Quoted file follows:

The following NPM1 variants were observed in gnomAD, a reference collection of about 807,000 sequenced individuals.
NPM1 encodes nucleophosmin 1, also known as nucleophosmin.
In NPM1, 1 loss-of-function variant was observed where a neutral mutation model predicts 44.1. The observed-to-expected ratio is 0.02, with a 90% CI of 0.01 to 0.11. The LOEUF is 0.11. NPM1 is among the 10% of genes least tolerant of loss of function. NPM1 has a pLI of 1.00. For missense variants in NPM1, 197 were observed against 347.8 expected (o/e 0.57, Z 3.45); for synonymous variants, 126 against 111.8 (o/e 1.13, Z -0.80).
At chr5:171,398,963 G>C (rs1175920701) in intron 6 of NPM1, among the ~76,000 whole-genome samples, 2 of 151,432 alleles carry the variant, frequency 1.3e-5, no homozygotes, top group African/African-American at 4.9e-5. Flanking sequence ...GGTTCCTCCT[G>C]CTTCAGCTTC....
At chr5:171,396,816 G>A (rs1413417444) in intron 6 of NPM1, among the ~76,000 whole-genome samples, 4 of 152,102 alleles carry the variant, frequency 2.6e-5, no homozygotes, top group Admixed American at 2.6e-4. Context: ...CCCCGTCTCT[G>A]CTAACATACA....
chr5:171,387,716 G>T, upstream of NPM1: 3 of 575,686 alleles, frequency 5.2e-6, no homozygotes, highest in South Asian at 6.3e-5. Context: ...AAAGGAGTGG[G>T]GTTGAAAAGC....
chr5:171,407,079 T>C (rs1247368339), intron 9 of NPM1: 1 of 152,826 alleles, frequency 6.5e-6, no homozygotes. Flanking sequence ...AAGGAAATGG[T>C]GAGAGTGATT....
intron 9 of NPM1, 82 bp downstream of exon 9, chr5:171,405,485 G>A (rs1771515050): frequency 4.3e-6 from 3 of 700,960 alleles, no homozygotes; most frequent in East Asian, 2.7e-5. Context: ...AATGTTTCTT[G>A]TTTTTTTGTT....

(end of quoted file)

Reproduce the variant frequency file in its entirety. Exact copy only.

The following NPM1 variants were observed in gnomAD, a reference collection of about 807,000 sequenced individuals.
NPM1 encodes nucleophosmin 1, also known as nucleophosmin.
In NPM1, 1 loss-of-function variant was observed where a neutral mutation model predicts 44.1. The observed-to-expected ratio is 0.02, with a 90% CI of 0.01 to 0.11. The LOEUF is 0.11. NPM1 is among the 10% of genes least tolerant of loss of function. NPM1 has a pLI of 1.00. For missense variants in NPM1, 197 were observed against 347.8 expected (o/e 0.57, Z 3.45); for synonymous variants, 126 against 111.8 (o/e 1.13, Z -0.80).
At chr5:171,398,963 G>C (rs1175920701) in intron 6 of NPM1, among the ~76,000 whole-genome samples, 2 of 151,432 alleles carry the variant, frequency 1.3e-5, no homozygotes, top group African/African-American at 4.9e-5. Flanking sequence ...GGTTCCTCCT[G>C]CTTCAGCTTC....
At chr5:171,396,816 G>A (rs1413417444) in intron 6 of NPM1, among the ~76,000 whole-genome samples, 4 of 152,102 alleles carry the variant, frequency 2.6e-5, no homozygotes, top group Admixed American at 2.6e-4. Context: ...CCCCGTCTCT[G>A]CTAACATACA....
chr5:171,387,716 G>T, upstream of NPM1: 3 of 575,686 alleles, frequency 5.2e-6, no homozygotes, highest in South Asian at 6.3e-5. Context: ...AAAGGAGTGG[G>T]GTTGAAAAGC....
chr5:171,407,079 T>C (rs1247368339), intron 9 of NPM1: 1 of 152,826 alleles, frequency 6.5e-6, no homozygotes. Flanking sequence ...AAGGAAATGG[T>C]GAGAGTGATT....
intron 9 of NPM1, 82 bp downstream of exon 9, chr5:171,405,485 G>A (rs1771515050): frequency 4.3e-6 from 3 of 700,960 alleles, no homozygotes; most frequent in East Asian, 2.7e-5. Context: ...AATGTTTCTT[G>A]TTTTTTTGTT....